English language support services are to be provided in a way that minimizes the isolation of students who are English learners from the general student population and encourages students who are English learners to participate in all aspects of the school program, including advanced coursework, career and technical education, gifted and talented programs, and extracurricular activities. Students who are English learners are entitled to ESOL services until exiting by demonstrating English language proficiency on ACCESS for ELLs® (or Alternate ACCESS, if applicable).

Administration of ACCESS for ELLs® or Alternate ACCESS

Federal and State laws require that the English language proficiency of all students who are English learners be measured annually as a component of accountability under the Elementary and Secondary Education Act (ESEA). If a student is identified as an English learner, that student must be administered ACCESS for ELLs (or Alternate ACCESS, if applicable) annually until the student demonstrates English language proficiency. The Maine Department of Education defines English language proficiency as a composite proficiency level of 4.5 on ACCESS for ELLs or level P2 on Alternate ACCESS. Failure of all students who are English learners to participate in the annual administration of ACCESS for ELLs/Alternate ACCESS may affect ESEA Title IA funding.

State law requires that ACCESS for ELLs/Alternate ACCESS be administered only by an individual trained it its administration. It is not required that this individual be an ESOL-endorsed teacher. However, only an ESOL-endorsed teacher is qualified to design, oversee, and implement an English language support program, which includes the interpretation of ACCESS for ELLs/Alternate ACCESS results.

If parents/guardians have questions about the purpose of ACCESS for ELLs/Alternate ACCESS, direct them to ACCESS for ELLs: FAQs for Parents/Guardians.

Enrollment of Immigrants and International Students

Title VI of the Civil Rights Act of 1964 prohibits discrimination based on race, color, or national origin, among other factors, by public schools. SAUs are required under federal law to enroll children regardless of citizenship or immigration status (Plyler vs. Doe). This applies  equally to students who are immigrants and international students attending a Maine public school as an exchange student or tuition-paying student. All students, including those who are immigrants and international students, must be screened for English learner status. Any student who is identified as an English learner, regardless of citizenship or immigration status, is entitled to ESOL services and must be administered ACCESS for ELLs (or Alternate ACCESS, if applicable) annually. International/exchange students are not exempt from Title I required state academic assessments. In Maine, recently arrived English learners who have been enrolled in a U.S. school for less than 12 months are exempt from one administration of the state’s English language arts assessment only. See the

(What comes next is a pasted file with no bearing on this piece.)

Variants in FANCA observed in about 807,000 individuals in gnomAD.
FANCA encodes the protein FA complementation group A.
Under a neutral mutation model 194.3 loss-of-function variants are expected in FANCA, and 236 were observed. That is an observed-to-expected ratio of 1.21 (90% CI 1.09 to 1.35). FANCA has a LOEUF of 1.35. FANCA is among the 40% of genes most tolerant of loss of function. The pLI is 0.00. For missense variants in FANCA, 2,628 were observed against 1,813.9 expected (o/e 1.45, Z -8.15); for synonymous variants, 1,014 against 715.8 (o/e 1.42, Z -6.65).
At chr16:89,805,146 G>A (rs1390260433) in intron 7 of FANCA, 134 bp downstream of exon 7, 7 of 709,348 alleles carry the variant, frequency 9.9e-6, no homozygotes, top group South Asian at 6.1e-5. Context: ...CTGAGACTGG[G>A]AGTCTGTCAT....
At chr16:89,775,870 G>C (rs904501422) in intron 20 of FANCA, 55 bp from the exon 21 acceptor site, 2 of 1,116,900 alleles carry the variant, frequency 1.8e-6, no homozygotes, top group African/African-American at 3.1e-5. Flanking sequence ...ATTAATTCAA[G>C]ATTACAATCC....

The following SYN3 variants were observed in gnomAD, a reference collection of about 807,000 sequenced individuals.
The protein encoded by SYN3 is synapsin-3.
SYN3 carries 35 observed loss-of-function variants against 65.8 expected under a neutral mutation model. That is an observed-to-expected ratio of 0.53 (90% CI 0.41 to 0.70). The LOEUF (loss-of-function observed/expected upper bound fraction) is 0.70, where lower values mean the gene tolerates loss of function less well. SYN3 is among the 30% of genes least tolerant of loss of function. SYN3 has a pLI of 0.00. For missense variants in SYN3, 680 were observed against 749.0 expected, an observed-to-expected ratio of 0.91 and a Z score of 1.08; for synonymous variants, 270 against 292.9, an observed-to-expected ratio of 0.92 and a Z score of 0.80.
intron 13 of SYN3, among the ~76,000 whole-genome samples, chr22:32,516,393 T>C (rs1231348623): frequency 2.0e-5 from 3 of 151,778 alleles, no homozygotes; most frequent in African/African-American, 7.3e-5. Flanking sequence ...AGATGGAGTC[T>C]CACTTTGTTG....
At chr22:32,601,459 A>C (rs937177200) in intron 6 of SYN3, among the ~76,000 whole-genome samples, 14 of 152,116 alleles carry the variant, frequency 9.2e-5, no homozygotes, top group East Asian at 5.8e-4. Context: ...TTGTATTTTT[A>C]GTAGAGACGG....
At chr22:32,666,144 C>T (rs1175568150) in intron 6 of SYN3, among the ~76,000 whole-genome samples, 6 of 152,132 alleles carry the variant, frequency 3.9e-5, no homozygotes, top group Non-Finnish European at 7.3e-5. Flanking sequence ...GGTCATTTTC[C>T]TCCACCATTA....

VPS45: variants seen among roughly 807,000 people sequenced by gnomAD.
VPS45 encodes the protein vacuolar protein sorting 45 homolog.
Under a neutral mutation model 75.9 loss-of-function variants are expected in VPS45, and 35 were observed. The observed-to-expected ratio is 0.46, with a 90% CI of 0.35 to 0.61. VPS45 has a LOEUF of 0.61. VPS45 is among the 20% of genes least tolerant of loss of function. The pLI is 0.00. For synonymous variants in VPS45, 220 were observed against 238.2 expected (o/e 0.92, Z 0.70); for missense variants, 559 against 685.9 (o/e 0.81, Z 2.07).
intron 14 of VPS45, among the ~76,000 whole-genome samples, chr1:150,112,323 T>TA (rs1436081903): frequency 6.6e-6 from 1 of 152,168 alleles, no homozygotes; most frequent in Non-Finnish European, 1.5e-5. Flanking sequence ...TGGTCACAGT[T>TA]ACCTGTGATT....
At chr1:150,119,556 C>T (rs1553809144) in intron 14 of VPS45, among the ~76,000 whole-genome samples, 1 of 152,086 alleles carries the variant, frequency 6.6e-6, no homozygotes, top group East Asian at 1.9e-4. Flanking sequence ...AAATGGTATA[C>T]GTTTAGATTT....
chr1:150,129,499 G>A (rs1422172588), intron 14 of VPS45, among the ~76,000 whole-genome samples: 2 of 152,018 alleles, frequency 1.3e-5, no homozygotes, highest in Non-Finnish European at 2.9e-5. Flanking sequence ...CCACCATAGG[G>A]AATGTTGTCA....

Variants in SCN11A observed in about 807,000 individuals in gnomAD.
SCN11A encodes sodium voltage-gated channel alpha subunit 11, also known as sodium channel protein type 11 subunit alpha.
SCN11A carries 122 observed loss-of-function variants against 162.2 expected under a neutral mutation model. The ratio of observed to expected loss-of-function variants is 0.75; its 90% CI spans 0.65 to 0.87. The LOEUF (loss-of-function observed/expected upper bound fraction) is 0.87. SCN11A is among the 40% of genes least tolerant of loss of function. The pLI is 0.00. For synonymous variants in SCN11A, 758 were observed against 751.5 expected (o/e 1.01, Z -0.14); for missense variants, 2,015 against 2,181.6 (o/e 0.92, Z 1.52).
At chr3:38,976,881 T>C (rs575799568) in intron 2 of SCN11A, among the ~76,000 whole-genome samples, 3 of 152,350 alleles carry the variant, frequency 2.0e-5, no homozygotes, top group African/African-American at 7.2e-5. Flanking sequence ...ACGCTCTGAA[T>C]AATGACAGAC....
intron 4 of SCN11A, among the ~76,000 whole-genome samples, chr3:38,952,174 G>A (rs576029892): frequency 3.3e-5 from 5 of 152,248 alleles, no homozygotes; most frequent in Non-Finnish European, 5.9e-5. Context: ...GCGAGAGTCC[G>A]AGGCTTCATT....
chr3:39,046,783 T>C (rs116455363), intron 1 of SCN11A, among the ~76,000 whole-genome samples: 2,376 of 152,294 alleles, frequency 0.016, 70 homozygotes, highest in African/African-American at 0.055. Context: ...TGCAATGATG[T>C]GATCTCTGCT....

SAUs are not permitted to discourage the enrollment of children who are undocumented immigrants by asking about their immigration status, denying enrollment to those with international birth certificates, or denying enrollment to children whose parents decline to provide their social security numbers or race and ethnicity information. Federal regulations allow schools to ask for children’s social security numbers to be used as student identifiers. However, they should inform parents of the purpose and that disclosure of such numbers is voluntary. Schools may not deny enrollment if parents refuse to provide a child’s social security number. SAUs may require proof that a child lives within SAU boundaries, which may include lease agreements, utility bills, or other documents. However, schools may not ask parents about a child’s immigration status to establish residency. SAUs may require proof of a child’s age, but they may not bar enrollment because a child has an international birth certificate or no birth certificate. See this fact sheet from the Departments of Justice and Education for more details about acceptable documentation requests.

Rights of Students who are English Learners to Education